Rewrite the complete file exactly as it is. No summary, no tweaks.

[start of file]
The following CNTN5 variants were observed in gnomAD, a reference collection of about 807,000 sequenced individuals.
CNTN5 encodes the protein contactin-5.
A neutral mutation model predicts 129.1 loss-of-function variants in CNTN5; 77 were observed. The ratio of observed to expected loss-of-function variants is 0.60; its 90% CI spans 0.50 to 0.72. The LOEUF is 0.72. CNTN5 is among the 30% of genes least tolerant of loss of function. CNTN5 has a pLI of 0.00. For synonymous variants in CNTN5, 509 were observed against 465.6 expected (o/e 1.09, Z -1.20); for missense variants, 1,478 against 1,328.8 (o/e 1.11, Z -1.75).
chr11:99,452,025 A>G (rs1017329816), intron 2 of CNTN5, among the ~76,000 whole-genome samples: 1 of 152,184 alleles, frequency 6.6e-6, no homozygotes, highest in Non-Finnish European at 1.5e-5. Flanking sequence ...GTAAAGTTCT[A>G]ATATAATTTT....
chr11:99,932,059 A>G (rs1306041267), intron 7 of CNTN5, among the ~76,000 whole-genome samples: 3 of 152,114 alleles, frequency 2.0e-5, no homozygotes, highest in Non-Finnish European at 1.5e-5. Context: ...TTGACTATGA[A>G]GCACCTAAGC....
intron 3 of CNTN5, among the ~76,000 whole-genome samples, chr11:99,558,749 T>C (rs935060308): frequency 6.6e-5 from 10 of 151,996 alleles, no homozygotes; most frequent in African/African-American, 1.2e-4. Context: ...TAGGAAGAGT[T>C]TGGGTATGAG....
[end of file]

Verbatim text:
The following CNTN5 variants were observed in gnomAD, a reference collection of about 807,000 sequenced individuals.
CNTN5 encodes the protein contactin-5.
A neutral mutation model predicts 129.1 loss-of-function variants in CNTN5; 77 were observed. The ratio of observed to expected loss-of-function variants is 0.60; its 90% CI spans 0.50 to 0.72. The LOEUF is 0.72. CNTN5 is among the 30% of genes least tolerant of loss of function. CNTN5 has a pLI of 0.00. For synonymous variants in CNTN5, 509 were observed against 465.6 expected (o/e 1.09, Z -1.20); for missense variants, 1,478 against 1,328.8 (o/e 1.11, Z -1.75).
chr11:99,452,025 A>G (rs1017329816), intron 2 of CNTN5, among the ~76,000 whole-genome samples: 1 of 152,184 alleles, frequency 6.6e-6, no homozygotes, highest in Non-Finnish European at 1.5e-5. Flanking sequence ...GTAAAGTTCT[A>G]ATATAATTTT....
chr11:99,932,059 A>G (rs1306041267), intron 7 of CNTN5, among the ~76,000 whole-genome samples: 3 of 152,114 alleles, frequency 2.0e-5, no homozygotes, highest in Non-Finnish European at 1.5e-5. Context: ...TTGACTATGA[A>G]GCACCTAAGC....
intron 3 of CNTN5, among the ~76,000 whole-genome samples, chr11:99,558,749 T>C (rs935060308): frequency 6.6e-5 from 10 of 151,996 alleles, no homozygotes; most frequent in African/African-American, 1.2e-4. Context: ...TAGGAAGAGT[T>C]TGGGTATGAG....